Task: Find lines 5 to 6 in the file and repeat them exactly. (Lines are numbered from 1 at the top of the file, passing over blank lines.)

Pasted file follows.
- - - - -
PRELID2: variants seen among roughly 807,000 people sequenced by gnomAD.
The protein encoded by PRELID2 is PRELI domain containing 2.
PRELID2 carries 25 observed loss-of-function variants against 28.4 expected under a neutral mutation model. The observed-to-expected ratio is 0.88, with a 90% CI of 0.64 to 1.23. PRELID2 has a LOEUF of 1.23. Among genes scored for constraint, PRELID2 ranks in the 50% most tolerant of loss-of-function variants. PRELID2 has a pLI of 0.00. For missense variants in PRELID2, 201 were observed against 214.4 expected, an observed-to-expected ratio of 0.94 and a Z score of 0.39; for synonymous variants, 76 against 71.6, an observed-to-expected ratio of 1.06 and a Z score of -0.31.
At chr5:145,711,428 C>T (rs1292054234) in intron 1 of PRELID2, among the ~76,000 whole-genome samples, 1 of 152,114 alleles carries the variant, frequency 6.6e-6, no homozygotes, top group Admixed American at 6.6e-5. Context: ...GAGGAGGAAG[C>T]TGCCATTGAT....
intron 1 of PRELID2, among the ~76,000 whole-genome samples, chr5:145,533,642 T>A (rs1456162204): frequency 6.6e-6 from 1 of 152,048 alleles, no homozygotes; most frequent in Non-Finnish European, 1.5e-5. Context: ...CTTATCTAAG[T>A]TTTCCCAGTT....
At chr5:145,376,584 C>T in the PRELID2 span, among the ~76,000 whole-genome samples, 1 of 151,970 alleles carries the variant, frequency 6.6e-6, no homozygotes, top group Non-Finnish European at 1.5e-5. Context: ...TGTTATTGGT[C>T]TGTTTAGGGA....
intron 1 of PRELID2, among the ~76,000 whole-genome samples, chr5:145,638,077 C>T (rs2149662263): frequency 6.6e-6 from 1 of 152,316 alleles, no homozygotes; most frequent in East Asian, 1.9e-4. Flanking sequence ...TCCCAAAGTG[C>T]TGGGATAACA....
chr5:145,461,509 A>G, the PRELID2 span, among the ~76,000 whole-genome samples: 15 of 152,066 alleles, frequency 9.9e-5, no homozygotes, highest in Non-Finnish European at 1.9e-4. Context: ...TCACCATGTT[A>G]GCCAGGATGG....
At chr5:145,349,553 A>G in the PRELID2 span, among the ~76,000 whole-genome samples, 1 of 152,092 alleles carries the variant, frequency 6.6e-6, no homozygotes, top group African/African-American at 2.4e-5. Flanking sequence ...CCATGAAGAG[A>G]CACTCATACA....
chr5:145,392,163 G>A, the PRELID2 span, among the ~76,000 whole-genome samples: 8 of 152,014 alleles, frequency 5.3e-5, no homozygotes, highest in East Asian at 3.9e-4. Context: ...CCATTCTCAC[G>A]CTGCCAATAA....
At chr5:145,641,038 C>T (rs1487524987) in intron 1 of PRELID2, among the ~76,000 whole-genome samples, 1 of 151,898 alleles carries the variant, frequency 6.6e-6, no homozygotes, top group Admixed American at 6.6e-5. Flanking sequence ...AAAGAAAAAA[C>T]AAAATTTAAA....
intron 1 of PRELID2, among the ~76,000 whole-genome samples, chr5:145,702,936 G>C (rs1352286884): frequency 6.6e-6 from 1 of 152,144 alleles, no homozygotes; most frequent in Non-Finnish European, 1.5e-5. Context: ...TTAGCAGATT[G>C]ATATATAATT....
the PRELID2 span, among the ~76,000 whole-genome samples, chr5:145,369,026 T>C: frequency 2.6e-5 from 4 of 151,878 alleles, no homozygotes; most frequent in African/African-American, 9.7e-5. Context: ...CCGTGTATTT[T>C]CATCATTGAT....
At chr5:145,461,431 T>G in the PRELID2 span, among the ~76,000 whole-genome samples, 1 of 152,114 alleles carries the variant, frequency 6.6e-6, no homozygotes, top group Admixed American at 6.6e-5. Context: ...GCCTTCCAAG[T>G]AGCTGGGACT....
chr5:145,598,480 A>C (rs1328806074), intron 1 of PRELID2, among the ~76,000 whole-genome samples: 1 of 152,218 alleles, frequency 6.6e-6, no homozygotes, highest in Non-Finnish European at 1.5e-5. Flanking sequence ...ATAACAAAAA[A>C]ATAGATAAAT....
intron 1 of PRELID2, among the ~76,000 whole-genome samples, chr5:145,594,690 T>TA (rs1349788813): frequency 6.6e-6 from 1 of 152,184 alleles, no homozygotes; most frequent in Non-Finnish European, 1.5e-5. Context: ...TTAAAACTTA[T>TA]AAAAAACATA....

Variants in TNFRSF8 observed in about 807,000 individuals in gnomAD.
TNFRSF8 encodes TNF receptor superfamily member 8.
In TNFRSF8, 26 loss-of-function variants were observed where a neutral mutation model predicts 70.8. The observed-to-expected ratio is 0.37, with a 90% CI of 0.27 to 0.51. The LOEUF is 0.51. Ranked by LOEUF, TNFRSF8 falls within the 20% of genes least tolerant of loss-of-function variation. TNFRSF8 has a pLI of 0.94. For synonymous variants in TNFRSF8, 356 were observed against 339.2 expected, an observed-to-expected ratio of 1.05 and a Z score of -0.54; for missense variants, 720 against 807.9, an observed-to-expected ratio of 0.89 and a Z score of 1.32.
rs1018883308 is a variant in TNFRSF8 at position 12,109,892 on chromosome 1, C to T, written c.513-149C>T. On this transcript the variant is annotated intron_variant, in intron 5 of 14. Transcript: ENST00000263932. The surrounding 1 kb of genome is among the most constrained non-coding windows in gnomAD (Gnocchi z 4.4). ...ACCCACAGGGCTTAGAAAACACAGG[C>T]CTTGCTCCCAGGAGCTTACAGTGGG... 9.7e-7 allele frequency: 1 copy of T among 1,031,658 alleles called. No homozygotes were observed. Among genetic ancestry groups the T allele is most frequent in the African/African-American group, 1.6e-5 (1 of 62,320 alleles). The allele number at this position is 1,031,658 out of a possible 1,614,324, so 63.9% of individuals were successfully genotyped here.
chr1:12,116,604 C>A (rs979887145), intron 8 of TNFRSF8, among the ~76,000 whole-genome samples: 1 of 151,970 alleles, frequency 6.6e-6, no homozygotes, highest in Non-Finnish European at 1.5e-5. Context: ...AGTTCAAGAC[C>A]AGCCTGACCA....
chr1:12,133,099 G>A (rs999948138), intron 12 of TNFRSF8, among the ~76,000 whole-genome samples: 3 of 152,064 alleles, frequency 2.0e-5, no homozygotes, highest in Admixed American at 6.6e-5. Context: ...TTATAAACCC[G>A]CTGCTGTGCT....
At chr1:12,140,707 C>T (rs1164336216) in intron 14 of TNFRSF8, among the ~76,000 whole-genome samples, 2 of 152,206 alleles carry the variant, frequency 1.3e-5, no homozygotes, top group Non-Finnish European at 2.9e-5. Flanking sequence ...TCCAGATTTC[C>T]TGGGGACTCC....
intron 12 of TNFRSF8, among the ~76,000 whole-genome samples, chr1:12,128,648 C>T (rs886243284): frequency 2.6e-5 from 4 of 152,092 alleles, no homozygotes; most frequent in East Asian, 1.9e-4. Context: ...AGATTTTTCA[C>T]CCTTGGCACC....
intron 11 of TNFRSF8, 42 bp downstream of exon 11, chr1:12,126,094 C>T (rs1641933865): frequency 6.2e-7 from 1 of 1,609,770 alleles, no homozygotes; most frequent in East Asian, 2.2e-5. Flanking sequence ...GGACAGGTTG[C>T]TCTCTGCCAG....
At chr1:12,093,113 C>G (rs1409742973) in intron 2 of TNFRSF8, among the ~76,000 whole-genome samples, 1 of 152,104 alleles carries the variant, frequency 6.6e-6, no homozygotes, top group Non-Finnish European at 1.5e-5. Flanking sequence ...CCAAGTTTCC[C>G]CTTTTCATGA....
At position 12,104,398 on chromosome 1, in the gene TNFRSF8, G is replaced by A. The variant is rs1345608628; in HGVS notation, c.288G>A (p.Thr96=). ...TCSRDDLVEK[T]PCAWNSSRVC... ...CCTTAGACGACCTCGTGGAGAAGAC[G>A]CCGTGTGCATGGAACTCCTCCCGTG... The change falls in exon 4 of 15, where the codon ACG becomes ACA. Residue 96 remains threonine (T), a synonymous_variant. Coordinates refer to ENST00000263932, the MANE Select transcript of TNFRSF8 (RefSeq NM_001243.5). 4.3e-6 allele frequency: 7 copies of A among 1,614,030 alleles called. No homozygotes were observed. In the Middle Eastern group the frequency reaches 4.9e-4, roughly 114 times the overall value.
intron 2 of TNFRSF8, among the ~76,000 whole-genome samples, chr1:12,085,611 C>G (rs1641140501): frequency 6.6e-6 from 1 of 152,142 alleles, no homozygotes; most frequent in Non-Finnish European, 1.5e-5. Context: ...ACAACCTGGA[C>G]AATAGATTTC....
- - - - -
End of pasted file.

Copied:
intron 1 of PRELID2, among the ~76,000 whole-genome samples, chr5:145,533,642 T>A (rs1456162204): frequency 6.6e-6 from 1 of 152,048 alleles, no homozygotes; most frequent in Non-Finnish European, 1.5e-5. Context: ...CTTATCTAAG[T>A]TTTCCCAGTT....
At chr5:145,376,584 C>T in the PRELID2 span, among the ~76,000 whole-genome samples, 1 of 151,970 alleles carries the variant, frequency 6.6e-6, no homozygotes, top group Non-Finnish European at 1.5e-5. Context: ...TGTTATTGGT[C>T]TGTTTAGGGA....